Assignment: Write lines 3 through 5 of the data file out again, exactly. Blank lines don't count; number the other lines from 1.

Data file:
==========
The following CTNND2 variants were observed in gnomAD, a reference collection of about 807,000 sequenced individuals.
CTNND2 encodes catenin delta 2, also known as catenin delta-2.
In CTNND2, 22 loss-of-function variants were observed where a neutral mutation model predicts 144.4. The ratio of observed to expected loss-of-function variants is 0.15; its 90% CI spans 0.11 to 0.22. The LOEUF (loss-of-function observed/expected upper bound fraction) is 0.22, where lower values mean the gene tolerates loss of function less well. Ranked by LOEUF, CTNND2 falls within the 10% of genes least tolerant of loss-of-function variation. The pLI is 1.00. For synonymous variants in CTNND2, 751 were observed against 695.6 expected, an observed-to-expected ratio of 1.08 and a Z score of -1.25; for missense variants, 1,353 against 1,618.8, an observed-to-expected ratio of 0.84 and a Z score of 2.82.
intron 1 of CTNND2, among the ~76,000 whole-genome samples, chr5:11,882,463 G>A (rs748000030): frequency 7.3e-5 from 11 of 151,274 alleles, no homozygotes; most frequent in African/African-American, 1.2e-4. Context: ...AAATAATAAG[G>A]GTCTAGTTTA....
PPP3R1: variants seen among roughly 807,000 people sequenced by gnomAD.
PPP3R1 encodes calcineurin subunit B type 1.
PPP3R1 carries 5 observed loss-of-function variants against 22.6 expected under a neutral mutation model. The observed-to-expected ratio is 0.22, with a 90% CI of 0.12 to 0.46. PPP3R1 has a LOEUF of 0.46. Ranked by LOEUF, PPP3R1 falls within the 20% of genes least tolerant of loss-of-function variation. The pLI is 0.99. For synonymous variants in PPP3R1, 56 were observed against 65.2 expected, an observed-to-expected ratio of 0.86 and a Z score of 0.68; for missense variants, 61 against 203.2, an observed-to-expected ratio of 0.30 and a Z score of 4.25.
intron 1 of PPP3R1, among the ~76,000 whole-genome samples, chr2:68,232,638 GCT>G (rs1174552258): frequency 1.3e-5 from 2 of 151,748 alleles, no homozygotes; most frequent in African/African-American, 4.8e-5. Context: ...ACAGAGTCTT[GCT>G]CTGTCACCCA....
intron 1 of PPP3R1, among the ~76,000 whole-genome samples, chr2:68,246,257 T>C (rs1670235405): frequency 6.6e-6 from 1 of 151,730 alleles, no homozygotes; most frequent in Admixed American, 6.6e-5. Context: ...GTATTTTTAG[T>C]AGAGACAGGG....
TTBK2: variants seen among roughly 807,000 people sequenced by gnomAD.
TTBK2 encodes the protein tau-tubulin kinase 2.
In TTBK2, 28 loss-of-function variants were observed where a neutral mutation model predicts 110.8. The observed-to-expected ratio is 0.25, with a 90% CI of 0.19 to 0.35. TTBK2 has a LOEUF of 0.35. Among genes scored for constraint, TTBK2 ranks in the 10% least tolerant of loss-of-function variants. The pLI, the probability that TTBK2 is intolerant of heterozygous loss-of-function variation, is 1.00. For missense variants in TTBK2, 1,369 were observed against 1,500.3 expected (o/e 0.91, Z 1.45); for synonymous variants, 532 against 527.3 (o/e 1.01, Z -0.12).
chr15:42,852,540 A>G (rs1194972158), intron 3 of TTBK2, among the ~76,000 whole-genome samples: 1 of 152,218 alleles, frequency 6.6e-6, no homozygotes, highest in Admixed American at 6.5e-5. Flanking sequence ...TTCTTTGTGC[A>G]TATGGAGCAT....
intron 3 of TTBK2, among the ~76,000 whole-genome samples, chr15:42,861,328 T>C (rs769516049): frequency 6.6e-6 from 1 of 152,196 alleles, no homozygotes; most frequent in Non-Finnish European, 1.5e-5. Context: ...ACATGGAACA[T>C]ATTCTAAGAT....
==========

In CTNND2, 22 loss-of-function variants were observed where a neutral mutation model predicts 144.4. The ratio of observed to expected loss-of-function variants is 0.15; its 90% CI spans 0.11 to 0.22. The LOEUF (loss-of-function observed/expected upper bound fraction) is 0.22, where lower values mean the gene tolerates loss of function less well. Ranked by LOEUF, CTNND2 falls within the 10% of genes least tolerant of loss-of-function variation. The pLI is 1.00. For synonymous variants in CTNND2, 751 were observed against 695.6 expected, an observed-to-expected ratio of 1.08 and a Z score of -1.25; for missense variants, 1,353 against 1,618.8, an observed-to-expected ratio of 0.84 and a Z score of 2.82.
intron 1 of CTNND2, among the ~76,000 whole-genome samples, chr5:11,882,463 G>A (rs748000030): frequency 7.3e-5 from 11 of 151,274 alleles, no homozygotes; most frequent in African/African-American, 1.2e-4. Context: ...AAATAATAAG[G>A]GTCTAGTTTA....
PPP3R1: variants seen among roughly 807,000 people sequenced by gnomAD.